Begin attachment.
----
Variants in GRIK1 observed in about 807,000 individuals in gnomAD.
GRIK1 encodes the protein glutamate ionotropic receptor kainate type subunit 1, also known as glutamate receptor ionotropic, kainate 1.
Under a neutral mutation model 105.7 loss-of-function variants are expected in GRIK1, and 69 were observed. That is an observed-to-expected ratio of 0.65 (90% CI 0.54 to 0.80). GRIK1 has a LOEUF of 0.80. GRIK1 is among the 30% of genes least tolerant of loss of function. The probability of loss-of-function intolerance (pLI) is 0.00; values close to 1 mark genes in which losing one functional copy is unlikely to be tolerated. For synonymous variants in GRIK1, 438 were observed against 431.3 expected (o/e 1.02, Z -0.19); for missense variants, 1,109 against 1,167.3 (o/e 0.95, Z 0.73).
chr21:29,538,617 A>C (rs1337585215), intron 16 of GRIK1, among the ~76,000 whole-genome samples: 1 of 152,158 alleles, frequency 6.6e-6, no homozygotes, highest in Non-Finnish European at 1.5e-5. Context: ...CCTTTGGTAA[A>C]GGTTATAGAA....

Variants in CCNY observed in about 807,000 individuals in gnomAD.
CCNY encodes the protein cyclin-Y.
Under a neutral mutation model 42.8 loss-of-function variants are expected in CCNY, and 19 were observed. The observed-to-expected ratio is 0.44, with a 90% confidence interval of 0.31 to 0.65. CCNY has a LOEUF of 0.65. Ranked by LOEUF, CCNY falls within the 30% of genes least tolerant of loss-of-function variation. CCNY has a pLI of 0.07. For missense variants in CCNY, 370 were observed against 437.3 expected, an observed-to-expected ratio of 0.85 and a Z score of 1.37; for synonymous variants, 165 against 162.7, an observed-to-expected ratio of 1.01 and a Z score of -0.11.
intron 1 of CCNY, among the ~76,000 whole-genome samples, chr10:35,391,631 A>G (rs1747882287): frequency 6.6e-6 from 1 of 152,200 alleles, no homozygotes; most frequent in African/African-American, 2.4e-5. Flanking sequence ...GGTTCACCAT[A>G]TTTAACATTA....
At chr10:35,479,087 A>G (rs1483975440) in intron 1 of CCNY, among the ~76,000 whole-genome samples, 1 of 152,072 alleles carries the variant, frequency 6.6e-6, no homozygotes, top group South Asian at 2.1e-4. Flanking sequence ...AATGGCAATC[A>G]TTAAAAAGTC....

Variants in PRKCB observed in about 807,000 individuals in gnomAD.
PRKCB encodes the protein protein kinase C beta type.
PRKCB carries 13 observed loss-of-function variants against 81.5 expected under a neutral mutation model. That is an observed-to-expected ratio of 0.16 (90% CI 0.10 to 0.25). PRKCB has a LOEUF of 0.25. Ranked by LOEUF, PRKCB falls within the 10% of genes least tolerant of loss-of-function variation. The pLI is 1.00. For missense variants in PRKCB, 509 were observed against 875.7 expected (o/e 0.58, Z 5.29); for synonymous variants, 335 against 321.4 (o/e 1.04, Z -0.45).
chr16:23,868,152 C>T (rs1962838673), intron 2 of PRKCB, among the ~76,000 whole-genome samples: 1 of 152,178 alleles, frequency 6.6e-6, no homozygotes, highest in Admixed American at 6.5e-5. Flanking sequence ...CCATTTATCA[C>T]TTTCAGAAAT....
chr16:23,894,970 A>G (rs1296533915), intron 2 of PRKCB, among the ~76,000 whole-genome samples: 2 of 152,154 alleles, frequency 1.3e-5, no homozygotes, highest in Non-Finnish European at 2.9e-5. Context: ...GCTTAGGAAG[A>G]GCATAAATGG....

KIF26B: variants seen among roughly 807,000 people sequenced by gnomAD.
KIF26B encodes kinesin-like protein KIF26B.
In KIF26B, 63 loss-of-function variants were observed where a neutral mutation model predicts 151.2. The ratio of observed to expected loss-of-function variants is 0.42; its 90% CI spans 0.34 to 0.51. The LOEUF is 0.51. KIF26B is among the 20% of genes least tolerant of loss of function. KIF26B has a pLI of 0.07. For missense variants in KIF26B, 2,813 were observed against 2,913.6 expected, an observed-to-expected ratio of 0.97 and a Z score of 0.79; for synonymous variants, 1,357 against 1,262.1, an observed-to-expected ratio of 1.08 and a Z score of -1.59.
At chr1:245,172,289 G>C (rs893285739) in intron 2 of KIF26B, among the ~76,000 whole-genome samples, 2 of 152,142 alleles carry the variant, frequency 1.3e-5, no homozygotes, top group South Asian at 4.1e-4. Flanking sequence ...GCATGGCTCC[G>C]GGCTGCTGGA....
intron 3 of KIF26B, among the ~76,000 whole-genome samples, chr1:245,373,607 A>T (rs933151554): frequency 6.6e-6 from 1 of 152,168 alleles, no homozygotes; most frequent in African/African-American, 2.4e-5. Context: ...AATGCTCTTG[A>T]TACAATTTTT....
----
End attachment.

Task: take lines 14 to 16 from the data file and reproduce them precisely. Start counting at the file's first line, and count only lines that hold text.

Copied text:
chr16:23,894,970 A>G (rs1296533915), intron 2 of PRKCB, among the ~76,000 whole-genome samples: 2 of 152,154 alleles, frequency 1.3e-5, no homozygotes, highest in Non-Finnish European at 2.9e-5. Context: ...GCTTAGGAAG[A>G]GCATAAATGG....

KIF26B: variants seen among roughly 807,000 people sequenced by gnomAD.
KIF26B encodes kinesin-like protein KIF26B.